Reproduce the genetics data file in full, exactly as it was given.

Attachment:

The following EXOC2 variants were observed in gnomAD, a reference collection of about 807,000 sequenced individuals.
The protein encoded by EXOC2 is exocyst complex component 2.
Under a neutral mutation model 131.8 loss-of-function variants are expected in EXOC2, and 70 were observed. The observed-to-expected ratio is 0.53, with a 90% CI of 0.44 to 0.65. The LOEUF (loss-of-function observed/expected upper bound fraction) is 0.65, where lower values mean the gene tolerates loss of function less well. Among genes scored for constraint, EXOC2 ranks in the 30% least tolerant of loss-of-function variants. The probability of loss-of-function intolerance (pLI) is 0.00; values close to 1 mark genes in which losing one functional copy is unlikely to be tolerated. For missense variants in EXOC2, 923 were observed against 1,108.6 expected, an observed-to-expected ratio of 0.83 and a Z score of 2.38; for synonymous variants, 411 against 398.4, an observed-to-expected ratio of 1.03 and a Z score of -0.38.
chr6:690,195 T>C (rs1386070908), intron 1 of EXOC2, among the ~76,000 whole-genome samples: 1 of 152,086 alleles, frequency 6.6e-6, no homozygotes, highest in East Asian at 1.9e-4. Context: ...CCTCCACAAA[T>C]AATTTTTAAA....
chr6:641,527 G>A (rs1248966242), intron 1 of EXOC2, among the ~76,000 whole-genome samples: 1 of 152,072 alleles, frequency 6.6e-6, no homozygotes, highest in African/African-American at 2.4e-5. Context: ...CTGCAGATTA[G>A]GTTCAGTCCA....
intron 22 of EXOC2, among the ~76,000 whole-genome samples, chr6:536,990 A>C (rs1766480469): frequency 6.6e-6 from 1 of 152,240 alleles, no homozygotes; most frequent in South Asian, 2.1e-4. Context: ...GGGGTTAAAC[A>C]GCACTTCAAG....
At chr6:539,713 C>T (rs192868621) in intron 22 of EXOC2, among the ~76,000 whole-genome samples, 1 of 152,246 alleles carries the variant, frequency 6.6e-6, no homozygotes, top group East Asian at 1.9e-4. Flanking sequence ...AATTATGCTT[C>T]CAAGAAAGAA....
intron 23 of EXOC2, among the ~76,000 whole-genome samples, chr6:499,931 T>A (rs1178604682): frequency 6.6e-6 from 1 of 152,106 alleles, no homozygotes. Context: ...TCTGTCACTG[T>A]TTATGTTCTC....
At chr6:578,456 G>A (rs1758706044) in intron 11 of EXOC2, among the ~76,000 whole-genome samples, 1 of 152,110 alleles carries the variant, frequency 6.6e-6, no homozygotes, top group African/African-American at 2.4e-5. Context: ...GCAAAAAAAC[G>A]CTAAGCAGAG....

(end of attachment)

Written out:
The following EXOC2 variants were observed in gnomAD, a reference collection of about 807,000 sequenced individuals.
The protein encoded by EXOC2 is exocyst complex component 2.
Under a neutral mutation model 131.8 loss-of-function variants are expected in EXOC2, and 70 were observed. The observed-to-expected ratio is 0.53, with a 90% CI of 0.44 to 0.65. The LOEUF (loss-of-function observed/expected upper bound fraction) is 0.65, where lower values mean the gene tolerates loss of function less well. Among genes scored for constraint, EXOC2 ranks in the 30% least tolerant of loss-of-function variants. The probability of loss-of-function intolerance (pLI) is 0.00; values close to 1 mark genes in which losing one functional copy is unlikely to be tolerated. For missense variants in EXOC2, 923 were observed against 1,108.6 expected, an observed-to-expected ratio of 0.83 and a Z score of 2.38; for synonymous variants, 411 against 398.4, an observed-to-expected ratio of 1.03 and a Z score of -0.38.
chr6:690,195 T>C (rs1386070908), intron 1 of EXOC2, among the ~76,000 whole-genome samples: 1 of 152,086 alleles, frequency 6.6e-6, no homozygotes, highest in East Asian at 1.9e-4. Context: ...CCTCCACAAA[T>C]AATTTTTAAA....
chr6:641,527 G>A (rs1248966242), intron 1 of EXOC2, among the ~76,000 whole-genome samples: 1 of 152,072 alleles, frequency 6.6e-6, no homozygotes, highest in African/African-American at 2.4e-5. Context: ...CTGCAGATTA[G>A]GTTCAGTCCA....
intron 22 of EXOC2, among the ~76,000 whole-genome samples, chr6:536,990 A>C (rs1766480469): frequency 6.6e-6 from 1 of 152,240 alleles, no homozygotes; most frequent in South Asian, 2.1e-4. Context: ...GGGGTTAAAC[A>C]GCACTTCAAG....
At chr6:539,713 C>T (rs192868621) in intron 22 of EXOC2, among the ~76,000 whole-genome samples, 1 of 152,246 alleles carries the variant, frequency 6.6e-6, no homozygotes, top group East Asian at 1.9e-4. Flanking sequence ...AATTATGCTT[C>T]CAAGAAAGAA....
intron 23 of EXOC2, among the ~76,000 whole-genome samples, chr6:499,931 T>A (rs1178604682): frequency 6.6e-6 from 1 of 152,106 alleles, no homozygotes. Context: ...TCTGTCACTG[T>A]TTATGTTCTC....
At chr6:578,456 G>A (rs1758706044) in intron 11 of EXOC2, among the ~76,000 whole-genome samples, 1 of 152,110 alleles carries the variant, frequency 6.6e-6, no homozygotes, top group African/African-American at 2.4e-5. Context: ...GCAAAAAAAC[G>A]CTAAGCAGAG....